Stafford moved on from Moore incident

Matthew Stafford's Lions have trailed in the fourth quarter in each of their five games this season. AP Photo/Nam Y. Huh

LAKE FOREST, Ill. -- Detroit Lions quarterback Matthew Stafford said Thursday he's moved on since he played a role in starting a sidelines-clearing scuffle with the Chicago Bears during a loss at Soldier Field last season.

Following an interception, Stafford grabbed Bears nickel back D.J. Moore by the back of the helmet and slammed him to the turf during Chicago's 37-13 victory. Moore got up and retaliated as both teams rushed to the scene. Moore got ejected and was fined $15,000, while Stafford got hit with a $7,500 fine.

Stafford said he won't be thinking about the incident when he and the Lions return to Soldier Field to face the Bears on Monday Night Football.

"Once the ball is put down and is whistled ready for play it's another game, it's a different game," Stafford said. "The beauty of the NFL is every week is different, and you have to approach it that way.

"Anytime you play a division game, it's an exciting one. Obviously playing on Monday Night Football brings a little edge, a little bit of emotion as well. I think both of these teams have a lot of respect for each other and what we can do on the field. Obviously it's a division game, we're rivals, we know what they are going to do and they know what we are going to do. It's just going out there and executing. That's what makes it physical and intense."

Lions coach Jim Schwartz was asked what's wrong with just saying the teams don't like each other if that is the case.

"Just because games are chippy doesn't mean teams don't respect each other," Schwartz said. "There are a lot of great players that are going to play in this game on both sides of the ball. I think these guys know each other very well. The schemes are well known. We have a good idea of what they are going to do and they have a good idea of what we are going to do. There's been consistency in both organizations, not a whole lot of changes as far as coaches and schemes and things like that.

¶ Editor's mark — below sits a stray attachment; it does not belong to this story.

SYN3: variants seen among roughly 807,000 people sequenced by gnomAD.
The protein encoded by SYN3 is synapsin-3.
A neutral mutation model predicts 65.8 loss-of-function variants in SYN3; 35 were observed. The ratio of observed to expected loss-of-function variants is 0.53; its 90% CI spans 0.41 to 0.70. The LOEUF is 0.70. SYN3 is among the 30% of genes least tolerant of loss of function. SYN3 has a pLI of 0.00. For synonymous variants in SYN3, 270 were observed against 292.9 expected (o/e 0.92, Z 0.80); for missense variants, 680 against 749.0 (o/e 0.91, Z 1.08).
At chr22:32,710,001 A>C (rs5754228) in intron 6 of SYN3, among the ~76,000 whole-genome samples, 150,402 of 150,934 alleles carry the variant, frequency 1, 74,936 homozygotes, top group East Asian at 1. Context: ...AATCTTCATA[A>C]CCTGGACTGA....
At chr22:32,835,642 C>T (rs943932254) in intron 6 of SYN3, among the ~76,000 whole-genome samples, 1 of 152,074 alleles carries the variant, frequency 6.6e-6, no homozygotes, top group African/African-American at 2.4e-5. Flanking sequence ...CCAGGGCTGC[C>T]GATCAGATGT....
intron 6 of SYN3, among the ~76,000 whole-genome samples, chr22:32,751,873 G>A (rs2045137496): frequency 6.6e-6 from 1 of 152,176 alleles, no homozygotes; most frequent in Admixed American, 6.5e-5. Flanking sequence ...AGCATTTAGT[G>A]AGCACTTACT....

"The more you know somebody the better opportunity there is for guys to push and shove a little bit. They know exactly who they're going against. This isn't an unfamiliar game. But I think there is a lot of respect on both sides of the ball. We certainly have a lot of respect for the Bears."

Several Lions have publicly stated the team has been lacking its nasty on-field attitude that helped propel Detroit to a 10-6 record last season and its first playoff berth since 1999. The Lions are off to a 2-3 start and have trailed in the fourth quarter of every game. Detroit came back from 17 points down in the fourth quarter to defeat the Philadelphia Eagles 26-23 in overtime last Sunday.

"I don't know, bringing intensity to every game and every play, that's the biggest thing," Stafford said. "That's when we are at our most successful as a team is when we are intense and playing with a ton of passion on every snap. That's something we know we need to bring week in and week out."